“It was really in disrepair,” Quartararo said. “I think they saw the writing on the wall that they were moving, so there just wasn’t money that was invested into the upkeep.”
Over the past 17 years the association has raised nearly $1 million through grants, events and donations to rehabilitate the historic structure that boasts one of the best preserved 19th-century courtrooms in the country.
“We have a lot of amazing individuals here in Salem and the immediate area that said, ‘there’s a lot of historic significance to this building, it needs to be preserved and needs to be turned into something that can serve the needs of the community,' " Farringer said.
So far, the association has refinished and re-hung the front doors, added temporary handicapped bathrooms, repaired the Great Hall ceiling and walls, added fire stairs, a front porch, handicapped ramp and side deck, added an activity room and a chair elevator, replaced the chimney, fixed roof cornices and box gutters and restored five of the eight courtroom windows.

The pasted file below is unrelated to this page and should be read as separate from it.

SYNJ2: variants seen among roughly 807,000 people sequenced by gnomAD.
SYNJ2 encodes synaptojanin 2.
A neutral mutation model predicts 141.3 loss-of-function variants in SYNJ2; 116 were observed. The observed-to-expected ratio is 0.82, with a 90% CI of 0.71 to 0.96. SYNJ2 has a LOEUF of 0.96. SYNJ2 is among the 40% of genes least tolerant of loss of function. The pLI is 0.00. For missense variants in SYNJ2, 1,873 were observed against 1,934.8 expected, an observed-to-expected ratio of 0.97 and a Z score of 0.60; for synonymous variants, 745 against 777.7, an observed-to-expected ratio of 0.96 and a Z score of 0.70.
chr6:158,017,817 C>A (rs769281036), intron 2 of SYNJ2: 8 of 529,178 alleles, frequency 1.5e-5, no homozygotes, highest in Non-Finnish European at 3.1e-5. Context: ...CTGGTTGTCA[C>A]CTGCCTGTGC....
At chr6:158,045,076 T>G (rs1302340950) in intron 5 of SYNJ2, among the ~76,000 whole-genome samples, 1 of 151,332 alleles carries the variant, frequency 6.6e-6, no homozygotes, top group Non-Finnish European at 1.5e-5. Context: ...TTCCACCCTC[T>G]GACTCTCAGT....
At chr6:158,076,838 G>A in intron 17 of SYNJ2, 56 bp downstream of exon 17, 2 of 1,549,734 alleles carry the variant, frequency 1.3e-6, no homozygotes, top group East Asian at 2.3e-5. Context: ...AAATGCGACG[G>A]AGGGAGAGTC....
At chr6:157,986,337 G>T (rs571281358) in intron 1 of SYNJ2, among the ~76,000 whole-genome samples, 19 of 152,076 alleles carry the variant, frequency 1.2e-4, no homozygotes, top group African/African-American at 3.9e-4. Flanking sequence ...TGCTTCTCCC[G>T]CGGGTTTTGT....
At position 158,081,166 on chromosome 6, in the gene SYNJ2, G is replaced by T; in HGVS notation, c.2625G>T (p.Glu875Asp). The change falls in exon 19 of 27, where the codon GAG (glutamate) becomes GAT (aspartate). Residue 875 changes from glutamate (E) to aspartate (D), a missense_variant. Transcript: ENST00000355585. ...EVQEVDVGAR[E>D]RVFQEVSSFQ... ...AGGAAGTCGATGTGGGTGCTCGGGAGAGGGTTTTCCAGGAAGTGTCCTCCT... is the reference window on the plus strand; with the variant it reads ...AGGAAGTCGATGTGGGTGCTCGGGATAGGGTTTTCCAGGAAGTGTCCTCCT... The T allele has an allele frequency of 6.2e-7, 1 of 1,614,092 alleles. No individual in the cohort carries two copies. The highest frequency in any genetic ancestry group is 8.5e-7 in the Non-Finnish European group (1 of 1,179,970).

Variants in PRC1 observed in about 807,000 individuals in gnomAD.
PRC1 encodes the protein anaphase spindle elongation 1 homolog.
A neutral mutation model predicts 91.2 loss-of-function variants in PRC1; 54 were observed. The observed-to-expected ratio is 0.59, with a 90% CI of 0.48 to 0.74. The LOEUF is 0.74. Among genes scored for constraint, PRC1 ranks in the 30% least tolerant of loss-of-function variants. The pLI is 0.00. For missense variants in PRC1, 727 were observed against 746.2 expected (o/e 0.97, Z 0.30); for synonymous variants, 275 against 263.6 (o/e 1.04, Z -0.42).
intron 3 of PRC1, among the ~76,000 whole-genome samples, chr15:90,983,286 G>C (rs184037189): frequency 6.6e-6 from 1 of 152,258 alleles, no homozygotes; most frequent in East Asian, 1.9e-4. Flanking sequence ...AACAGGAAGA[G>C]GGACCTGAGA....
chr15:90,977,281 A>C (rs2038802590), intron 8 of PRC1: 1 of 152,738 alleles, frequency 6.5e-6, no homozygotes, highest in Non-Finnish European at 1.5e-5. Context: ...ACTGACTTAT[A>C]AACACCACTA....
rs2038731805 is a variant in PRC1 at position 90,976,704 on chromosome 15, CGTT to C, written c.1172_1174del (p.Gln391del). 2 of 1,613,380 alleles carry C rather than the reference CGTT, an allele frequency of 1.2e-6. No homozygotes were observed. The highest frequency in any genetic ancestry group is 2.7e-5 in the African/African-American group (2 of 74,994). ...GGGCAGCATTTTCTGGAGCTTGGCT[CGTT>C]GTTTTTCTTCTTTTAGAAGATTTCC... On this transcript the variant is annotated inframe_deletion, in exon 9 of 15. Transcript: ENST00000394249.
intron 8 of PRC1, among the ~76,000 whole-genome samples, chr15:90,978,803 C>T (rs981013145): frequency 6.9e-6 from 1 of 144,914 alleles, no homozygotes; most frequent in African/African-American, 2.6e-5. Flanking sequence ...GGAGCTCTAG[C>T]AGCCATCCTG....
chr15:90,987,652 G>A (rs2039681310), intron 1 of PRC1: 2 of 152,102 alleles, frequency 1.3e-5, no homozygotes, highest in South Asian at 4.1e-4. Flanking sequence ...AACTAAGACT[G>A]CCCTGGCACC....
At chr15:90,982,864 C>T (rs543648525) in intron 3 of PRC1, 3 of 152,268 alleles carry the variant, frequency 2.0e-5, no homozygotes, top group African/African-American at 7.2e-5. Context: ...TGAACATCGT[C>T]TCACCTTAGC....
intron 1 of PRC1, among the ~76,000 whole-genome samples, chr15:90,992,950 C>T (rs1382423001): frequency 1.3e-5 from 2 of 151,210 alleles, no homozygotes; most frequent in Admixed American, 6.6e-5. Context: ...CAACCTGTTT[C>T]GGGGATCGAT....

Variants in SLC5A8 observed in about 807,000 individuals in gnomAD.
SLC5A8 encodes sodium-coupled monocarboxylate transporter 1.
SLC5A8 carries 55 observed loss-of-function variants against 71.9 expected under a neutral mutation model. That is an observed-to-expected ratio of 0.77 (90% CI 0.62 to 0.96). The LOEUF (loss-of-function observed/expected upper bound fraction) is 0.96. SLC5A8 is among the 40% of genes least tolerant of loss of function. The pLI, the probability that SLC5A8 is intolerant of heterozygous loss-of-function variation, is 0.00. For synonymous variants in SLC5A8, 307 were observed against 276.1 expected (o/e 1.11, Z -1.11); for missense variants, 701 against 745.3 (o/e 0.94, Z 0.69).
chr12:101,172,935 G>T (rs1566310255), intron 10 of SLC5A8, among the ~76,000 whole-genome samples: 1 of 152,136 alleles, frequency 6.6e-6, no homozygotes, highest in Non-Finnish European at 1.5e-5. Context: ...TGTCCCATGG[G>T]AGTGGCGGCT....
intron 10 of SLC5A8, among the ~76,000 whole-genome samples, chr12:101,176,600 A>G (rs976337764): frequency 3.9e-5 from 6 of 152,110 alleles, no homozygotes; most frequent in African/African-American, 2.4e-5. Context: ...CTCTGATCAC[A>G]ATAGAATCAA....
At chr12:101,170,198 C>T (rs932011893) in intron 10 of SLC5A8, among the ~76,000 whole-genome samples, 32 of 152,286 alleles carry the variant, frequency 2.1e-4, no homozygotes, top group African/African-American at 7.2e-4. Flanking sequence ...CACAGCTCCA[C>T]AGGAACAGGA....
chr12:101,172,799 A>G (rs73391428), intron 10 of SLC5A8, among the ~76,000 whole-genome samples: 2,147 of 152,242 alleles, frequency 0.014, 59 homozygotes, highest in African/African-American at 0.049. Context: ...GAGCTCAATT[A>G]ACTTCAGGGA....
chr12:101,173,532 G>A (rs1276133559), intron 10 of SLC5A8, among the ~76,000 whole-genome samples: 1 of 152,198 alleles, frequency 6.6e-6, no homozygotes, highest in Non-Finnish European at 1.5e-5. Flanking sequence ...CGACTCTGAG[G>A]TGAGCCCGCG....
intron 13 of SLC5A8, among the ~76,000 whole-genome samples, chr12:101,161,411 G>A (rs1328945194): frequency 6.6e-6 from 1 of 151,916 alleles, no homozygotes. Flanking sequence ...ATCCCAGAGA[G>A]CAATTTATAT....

Historical architect Jack G. Waite, who owns a home nearby, has been working on the historic restoration of the building, which is on the National Historic Register.
They still need to fix the floors, add new lighting, bathrooms, painting, a storage closet and do roof maintenance. The heating also needs to be zoned, which will allow for more programming and events during the winter months.
The association is currently awaiting a grant from Carrie Woerner for $125,000, which will help pay for the additional restoration plans and a much-needed roof repair.